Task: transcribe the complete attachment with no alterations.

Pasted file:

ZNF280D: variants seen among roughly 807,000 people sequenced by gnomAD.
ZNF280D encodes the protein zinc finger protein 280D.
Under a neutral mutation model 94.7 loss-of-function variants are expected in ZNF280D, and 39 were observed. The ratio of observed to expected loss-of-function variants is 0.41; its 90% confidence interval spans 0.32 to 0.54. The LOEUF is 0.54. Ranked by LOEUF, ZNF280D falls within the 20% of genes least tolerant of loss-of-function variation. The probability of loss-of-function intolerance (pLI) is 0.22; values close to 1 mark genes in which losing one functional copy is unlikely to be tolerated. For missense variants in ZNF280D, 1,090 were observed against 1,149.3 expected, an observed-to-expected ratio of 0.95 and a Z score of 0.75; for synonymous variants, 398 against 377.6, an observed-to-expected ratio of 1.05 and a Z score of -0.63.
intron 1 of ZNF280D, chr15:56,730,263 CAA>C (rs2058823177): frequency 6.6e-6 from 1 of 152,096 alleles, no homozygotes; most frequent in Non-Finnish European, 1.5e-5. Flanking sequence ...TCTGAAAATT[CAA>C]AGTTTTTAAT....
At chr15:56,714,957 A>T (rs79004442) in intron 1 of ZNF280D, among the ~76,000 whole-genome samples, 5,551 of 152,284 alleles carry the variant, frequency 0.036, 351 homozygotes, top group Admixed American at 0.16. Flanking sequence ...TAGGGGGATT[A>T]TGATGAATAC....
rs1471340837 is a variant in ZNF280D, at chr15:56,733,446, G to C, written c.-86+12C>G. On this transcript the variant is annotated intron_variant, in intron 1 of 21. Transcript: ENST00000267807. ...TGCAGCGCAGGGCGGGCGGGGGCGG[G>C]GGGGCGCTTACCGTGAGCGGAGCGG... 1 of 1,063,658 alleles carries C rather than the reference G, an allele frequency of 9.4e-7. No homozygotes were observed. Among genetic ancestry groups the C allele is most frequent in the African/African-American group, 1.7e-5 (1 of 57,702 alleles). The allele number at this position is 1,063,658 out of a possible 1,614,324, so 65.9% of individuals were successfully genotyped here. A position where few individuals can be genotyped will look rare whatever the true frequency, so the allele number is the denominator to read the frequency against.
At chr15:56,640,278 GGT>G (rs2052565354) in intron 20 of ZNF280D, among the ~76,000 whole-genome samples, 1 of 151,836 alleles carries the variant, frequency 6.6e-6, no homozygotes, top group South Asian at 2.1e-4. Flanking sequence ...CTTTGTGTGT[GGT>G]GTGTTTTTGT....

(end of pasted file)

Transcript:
ZNF280D: variants seen among roughly 807,000 people sequenced by gnomAD.
ZNF280D encodes the protein zinc finger protein 280D.
Under a neutral mutation model 94.7 loss-of-function variants are expected in ZNF280D, and 39 were observed. The ratio of observed to expected loss-of-function variants is 0.41; its 90% confidence interval spans 0.32 to 0.54. The LOEUF is 0.54. Ranked by LOEUF, ZNF280D falls within the 20% of genes least tolerant of loss-of-function variation. The probability of loss-of-function intolerance (pLI) is 0.22; values close to 1 mark genes in which losing one functional copy is unlikely to be tolerated. For missense variants in ZNF280D, 1,090 were observed against 1,149.3 expected, an observed-to-expected ratio of 0.95 and a Z score of 0.75; for synonymous variants, 398 against 377.6, an observed-to-expected ratio of 1.05 and a Z score of -0.63.
intron 1 of ZNF280D, chr15:56,730,263 CAA>C (rs2058823177): frequency 6.6e-6 from 1 of 152,096 alleles, no homozygotes; most frequent in Non-Finnish European, 1.5e-5. Flanking sequence ...TCTGAAAATT[CAA>C]AGTTTTTAAT....
At chr15:56,714,957 A>T (rs79004442) in intron 1 of ZNF280D, among the ~76,000 whole-genome samples, 5,551 of 152,284 alleles carry the variant, frequency 0.036, 351 homozygotes, top group Admixed American at 0.16. Flanking sequence ...TAGGGGGATT[A>T]TGATGAATAC....
rs1471340837 is a variant in ZNF280D, at chr15:56,733,446, G to C, written c.-86+12C>G. On this transcript the variant is annotated intron_variant, in intron 1 of 21. Transcript: ENST00000267807. ...TGCAGCGCAGGGCGGGCGGGGGCGG[G>C]GGGGCGCTTACCGTGAGCGGAGCGG... 1 of 1,063,658 alleles carries C rather than the reference G, an allele frequency of 9.4e-7. No homozygotes were observed. Among genetic ancestry groups the C allele is most frequent in the African/African-American group, 1.7e-5 (1 of 57,702 alleles). The allele number at this position is 1,063,658 out of a possible 1,614,324, so 65.9% of individuals were successfully genotyped here. A position where few individuals can be genotyped will look rare whatever the true frequency, so the allele number is the denominator to read the frequency against.
At chr15:56,640,278 GGT>G (rs2052565354) in intron 20 of ZNF280D, among the ~76,000 whole-genome samples, 1 of 151,836 alleles carries the variant, frequency 6.6e-6, no homozygotes, top group South Asian at 2.1e-4. Flanking sequence ...CTTTGTGTGT[GGT>G]GTGTTTTTGT....